One question Ground Control raises, as might almost any thorough study of current British social policy, is whether America is more listened to and copied than European countries are because of our shared language, or because Americans are smarter at policy promotion. For the rest, it is to Europe that Minton looks to cheer us up at the end of her discouraging report. Happily, she shuns the cliché of European pavement-café society, so often wheeled out as a model for enhancing public life. If the explosion over the past twenty years of British pavement cafés – no less a symptom of consumerism than shopping malls – were a sufficient guarantee that things were getting better, this book would not have been needed. Instead, Minton offers the ideal of an urban environment planned with freedom consciously in mind. We are back here to Jane Jacobs, but with the technical twist she lacked.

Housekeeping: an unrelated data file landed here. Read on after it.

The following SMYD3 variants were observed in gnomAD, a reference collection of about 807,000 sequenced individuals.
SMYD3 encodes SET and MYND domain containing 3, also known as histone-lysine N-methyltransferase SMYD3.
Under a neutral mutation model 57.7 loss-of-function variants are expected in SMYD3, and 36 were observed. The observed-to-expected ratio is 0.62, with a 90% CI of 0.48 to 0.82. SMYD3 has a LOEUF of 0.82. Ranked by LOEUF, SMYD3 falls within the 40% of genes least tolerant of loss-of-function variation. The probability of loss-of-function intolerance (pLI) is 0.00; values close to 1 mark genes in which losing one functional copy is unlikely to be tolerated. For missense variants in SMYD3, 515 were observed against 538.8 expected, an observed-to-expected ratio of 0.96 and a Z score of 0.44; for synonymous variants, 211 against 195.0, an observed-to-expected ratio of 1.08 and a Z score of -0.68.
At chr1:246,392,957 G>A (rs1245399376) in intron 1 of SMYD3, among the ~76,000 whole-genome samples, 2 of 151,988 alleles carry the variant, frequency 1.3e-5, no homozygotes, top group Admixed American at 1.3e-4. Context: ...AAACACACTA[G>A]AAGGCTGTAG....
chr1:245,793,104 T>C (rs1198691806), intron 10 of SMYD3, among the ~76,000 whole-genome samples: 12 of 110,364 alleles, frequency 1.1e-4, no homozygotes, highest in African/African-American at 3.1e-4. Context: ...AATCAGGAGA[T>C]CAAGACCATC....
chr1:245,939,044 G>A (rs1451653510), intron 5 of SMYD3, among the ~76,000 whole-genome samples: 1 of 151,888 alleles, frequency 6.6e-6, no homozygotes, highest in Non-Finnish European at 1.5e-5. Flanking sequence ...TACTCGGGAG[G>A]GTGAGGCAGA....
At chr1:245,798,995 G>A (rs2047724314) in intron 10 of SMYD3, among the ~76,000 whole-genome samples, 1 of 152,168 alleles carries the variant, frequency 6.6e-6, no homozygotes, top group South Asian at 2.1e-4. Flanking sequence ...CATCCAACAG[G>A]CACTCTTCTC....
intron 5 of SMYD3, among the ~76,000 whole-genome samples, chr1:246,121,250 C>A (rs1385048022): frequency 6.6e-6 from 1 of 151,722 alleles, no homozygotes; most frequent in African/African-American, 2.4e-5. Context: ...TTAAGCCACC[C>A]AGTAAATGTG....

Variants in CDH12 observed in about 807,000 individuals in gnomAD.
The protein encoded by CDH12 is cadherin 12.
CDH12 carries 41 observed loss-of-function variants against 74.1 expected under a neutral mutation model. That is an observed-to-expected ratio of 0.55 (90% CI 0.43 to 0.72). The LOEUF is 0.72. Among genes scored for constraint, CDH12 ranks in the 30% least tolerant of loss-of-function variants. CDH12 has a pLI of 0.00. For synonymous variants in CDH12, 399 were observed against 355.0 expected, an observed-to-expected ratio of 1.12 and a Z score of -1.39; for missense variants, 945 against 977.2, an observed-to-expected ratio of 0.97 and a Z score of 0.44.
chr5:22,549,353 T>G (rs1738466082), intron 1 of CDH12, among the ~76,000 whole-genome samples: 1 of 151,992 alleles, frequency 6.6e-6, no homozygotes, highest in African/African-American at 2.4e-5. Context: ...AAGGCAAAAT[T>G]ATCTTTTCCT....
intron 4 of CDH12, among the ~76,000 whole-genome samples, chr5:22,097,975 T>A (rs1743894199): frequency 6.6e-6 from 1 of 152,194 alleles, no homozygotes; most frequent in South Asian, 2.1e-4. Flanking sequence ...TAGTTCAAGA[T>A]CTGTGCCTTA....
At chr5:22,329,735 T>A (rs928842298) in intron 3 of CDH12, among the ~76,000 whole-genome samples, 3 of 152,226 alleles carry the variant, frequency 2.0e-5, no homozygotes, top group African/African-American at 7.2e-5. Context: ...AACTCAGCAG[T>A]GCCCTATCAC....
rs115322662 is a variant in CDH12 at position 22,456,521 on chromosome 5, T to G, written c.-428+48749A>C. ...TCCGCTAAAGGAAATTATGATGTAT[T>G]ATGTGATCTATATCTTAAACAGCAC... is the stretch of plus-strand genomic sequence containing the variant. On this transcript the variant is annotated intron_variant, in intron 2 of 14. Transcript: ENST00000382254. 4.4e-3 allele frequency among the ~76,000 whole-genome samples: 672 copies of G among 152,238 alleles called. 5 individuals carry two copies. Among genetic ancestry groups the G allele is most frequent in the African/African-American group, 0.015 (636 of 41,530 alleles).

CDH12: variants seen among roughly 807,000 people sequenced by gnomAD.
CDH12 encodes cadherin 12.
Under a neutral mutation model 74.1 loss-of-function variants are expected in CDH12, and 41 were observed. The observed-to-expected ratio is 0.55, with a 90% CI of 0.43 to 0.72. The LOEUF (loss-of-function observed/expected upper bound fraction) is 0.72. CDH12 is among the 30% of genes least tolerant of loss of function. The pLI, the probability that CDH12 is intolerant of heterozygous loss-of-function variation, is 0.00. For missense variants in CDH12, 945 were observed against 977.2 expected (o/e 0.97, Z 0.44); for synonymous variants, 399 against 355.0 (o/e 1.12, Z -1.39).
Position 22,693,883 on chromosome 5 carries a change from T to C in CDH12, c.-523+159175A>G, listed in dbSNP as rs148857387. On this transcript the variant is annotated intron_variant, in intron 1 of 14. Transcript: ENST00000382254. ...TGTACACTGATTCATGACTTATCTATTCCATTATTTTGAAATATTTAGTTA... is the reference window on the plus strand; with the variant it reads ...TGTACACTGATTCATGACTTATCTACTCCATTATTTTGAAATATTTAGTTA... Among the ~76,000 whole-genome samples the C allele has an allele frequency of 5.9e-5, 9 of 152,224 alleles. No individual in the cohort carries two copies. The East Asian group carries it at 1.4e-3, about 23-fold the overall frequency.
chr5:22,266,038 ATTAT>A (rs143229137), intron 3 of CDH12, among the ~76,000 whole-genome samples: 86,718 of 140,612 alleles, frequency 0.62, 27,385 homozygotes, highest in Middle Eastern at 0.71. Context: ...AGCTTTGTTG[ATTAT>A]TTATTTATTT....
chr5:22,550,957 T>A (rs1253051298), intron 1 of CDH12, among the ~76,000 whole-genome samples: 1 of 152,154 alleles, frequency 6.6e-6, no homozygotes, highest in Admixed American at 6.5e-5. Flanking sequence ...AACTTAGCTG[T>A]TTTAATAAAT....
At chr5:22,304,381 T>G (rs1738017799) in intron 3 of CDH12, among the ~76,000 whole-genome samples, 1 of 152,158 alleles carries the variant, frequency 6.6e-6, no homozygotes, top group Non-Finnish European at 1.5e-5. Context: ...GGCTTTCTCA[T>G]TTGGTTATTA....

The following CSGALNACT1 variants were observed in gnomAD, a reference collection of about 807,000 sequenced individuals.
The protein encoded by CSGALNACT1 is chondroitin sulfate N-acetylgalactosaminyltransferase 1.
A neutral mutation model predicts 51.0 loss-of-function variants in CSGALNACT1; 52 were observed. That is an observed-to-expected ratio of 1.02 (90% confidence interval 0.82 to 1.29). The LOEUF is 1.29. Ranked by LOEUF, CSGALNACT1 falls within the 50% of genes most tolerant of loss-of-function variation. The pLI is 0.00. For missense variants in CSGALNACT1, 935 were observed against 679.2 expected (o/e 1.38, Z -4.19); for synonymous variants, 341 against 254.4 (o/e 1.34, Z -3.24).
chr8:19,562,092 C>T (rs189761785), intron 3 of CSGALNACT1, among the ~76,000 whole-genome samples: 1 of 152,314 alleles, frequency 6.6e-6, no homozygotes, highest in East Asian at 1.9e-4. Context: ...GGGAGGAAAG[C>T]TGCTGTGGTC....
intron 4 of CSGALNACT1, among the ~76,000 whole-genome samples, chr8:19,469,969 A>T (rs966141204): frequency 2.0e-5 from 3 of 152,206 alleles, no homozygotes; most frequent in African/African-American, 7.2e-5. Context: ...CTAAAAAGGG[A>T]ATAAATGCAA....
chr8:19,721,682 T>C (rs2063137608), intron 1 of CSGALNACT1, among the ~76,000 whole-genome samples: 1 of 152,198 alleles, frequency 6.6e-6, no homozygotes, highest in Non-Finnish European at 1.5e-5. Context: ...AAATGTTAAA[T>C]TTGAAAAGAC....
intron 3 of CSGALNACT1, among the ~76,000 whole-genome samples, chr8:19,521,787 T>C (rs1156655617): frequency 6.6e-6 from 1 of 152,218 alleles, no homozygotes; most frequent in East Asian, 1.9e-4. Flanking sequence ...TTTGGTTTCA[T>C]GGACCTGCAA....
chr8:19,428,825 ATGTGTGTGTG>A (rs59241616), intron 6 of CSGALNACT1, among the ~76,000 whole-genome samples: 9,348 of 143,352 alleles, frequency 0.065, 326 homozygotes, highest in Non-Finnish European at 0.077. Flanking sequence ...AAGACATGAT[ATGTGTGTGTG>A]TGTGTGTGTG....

To illustrate this, Minton starts out her last chapter with another Dutchman, improbably a traffic engineer. The late Hans Monderman decided to get rid of traffic signs, barriers, railings and kerbs in various towns and village of his native Friesland and see how everyone got on. They got on so well that other places followed suit, including Kensington High Street and Seven Dials in London and Blackett Street in Newcastle. No increase of accidents has been reported. But as with security measures, the figures are not the main point. Monderman’s idea symbolises something larger. It returns responsibility and initiative to the individual driver and pedestrian, but within the framework of the law. The rules of the road remain. Freedom as the prerogative of the individual coexists with planning as the expression of the common weal.